Surge of Interest in Serious Music
A ccolades won abroad by America's musical “ambassadors of good will” give abundant evidence of the growing stature of American music in the eyes of the world. Not many years ago Americans were looked upon in foreign countries as an unmusical people. Their unique contribution of jazz in the field of popular music was recognized, but on the whole the people of the United States were believed to lack discrimination, creativity, or any wish to foster serious music.
Today American performers and the works of American composers are heard and acclaimed on every continent, due largely to government sponsorship of cultural exchange programs in which music has been given an important place. At home musical activity abounds, not only in metropolitan areas with large populations of recent European origin, but also in smaller places where the professional concert series, the local symphony orchestra and choral group, and numerous student and amateur ensembles have become parts of community life. The American concert stage is no longer dominated by imported stars; gifted young Americans can receive the best of musical training in their own country and their native origin is no barrier to public acceptance.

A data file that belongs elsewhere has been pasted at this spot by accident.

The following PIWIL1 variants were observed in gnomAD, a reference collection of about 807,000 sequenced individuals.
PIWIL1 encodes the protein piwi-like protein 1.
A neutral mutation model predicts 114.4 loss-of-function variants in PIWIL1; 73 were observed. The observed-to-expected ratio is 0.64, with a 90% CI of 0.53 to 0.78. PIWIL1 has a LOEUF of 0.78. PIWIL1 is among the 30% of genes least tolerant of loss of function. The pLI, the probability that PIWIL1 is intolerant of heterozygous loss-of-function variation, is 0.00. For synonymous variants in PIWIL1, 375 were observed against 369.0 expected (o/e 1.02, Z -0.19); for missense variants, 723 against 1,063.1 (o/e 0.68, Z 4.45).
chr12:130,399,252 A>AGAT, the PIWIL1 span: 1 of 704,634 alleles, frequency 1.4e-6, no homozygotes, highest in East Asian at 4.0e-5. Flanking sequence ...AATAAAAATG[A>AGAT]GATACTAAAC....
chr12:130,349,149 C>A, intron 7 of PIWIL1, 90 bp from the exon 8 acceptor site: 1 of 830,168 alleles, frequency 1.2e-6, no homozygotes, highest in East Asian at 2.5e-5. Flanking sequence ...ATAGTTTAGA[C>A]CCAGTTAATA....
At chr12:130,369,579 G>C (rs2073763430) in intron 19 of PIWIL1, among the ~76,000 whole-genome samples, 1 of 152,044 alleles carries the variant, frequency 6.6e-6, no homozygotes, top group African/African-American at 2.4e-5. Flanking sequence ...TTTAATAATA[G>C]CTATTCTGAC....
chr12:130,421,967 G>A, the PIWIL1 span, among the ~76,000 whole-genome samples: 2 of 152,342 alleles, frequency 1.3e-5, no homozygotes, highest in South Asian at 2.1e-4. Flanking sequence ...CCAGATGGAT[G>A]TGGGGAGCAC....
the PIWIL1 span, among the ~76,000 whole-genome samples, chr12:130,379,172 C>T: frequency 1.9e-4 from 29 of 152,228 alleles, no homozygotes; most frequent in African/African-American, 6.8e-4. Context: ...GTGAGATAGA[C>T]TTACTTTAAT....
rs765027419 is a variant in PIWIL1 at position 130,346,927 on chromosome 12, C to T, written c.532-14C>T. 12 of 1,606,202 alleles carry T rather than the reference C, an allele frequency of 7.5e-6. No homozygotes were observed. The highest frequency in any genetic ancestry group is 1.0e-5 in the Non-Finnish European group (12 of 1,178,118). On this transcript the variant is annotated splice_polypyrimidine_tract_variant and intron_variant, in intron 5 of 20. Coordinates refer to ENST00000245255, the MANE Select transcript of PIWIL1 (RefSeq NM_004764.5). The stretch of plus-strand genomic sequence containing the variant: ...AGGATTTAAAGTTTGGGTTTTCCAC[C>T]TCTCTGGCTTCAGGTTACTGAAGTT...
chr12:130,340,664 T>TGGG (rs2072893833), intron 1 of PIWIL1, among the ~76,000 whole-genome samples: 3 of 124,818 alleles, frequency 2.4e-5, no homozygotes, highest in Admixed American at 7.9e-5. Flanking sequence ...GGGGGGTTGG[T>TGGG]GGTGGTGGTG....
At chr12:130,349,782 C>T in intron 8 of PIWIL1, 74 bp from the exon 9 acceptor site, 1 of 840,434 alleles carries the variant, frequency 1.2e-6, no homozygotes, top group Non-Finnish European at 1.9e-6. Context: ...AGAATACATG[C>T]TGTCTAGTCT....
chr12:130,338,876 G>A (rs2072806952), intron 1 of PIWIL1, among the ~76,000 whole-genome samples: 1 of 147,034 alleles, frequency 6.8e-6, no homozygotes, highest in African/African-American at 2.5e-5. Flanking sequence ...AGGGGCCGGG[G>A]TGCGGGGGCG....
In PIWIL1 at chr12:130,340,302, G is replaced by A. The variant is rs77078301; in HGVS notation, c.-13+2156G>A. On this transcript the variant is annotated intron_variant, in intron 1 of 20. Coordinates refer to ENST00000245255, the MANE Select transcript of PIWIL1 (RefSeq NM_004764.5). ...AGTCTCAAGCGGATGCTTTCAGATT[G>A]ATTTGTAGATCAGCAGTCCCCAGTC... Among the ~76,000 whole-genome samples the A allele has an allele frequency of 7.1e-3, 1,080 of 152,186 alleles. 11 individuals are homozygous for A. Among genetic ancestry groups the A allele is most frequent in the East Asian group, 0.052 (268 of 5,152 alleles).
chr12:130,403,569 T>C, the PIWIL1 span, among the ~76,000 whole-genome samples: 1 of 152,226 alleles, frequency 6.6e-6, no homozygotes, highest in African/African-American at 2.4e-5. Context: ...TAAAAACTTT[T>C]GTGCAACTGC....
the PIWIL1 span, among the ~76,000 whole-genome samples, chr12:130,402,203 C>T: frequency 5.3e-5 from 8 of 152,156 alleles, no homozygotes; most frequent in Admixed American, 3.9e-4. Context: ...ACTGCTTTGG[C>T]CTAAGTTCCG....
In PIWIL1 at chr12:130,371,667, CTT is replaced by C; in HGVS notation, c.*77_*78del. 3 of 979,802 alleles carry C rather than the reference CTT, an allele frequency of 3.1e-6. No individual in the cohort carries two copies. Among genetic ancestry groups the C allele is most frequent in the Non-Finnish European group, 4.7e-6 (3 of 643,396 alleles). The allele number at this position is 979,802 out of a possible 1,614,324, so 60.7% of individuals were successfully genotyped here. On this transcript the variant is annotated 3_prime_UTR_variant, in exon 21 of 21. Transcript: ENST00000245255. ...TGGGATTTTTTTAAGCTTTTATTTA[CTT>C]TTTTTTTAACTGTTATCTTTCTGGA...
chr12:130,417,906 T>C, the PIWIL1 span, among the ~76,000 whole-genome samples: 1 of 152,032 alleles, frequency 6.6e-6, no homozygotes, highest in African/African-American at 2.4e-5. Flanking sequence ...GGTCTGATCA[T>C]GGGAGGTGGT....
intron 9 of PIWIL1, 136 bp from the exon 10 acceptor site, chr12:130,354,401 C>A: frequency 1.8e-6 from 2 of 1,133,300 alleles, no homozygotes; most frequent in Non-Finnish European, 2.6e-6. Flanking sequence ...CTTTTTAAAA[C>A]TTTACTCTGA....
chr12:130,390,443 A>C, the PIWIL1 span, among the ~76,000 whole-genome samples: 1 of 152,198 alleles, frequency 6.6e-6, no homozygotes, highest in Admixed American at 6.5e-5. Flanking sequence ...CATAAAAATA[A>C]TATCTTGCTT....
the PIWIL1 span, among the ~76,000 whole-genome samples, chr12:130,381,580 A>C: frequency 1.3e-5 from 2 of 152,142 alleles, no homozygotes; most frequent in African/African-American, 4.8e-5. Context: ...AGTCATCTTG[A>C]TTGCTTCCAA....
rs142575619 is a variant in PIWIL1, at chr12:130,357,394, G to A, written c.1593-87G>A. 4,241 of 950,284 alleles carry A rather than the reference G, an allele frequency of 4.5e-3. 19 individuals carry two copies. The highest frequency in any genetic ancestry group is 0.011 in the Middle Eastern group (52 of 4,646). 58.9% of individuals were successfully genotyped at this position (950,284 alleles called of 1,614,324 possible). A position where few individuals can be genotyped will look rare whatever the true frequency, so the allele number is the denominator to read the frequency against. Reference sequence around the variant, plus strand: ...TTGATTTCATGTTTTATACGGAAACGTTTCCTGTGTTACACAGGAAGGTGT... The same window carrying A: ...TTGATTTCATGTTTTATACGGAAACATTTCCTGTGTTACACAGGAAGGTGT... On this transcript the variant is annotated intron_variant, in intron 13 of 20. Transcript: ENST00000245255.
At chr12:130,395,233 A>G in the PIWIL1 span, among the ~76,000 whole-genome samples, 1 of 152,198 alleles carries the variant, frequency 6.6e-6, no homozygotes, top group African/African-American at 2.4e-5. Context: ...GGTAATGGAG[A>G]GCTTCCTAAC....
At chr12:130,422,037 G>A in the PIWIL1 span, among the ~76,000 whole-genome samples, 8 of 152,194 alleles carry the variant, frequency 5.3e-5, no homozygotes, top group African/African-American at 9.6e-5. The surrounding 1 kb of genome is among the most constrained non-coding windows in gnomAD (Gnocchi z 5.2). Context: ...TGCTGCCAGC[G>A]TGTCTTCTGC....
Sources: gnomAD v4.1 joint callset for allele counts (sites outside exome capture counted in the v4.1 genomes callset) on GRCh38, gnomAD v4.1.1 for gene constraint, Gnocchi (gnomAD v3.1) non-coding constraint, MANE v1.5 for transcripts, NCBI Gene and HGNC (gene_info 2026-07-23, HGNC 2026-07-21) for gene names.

At the same time, the fact that the United States has not yet developed a system of remuneration that enables musical artists and composers to pursue their careers on a basis of equality with talented men and women in other fields has troubled many observers. Despite the widespread popular support for serious music, the great majority of American musicians can scarcely earn a living by music alone.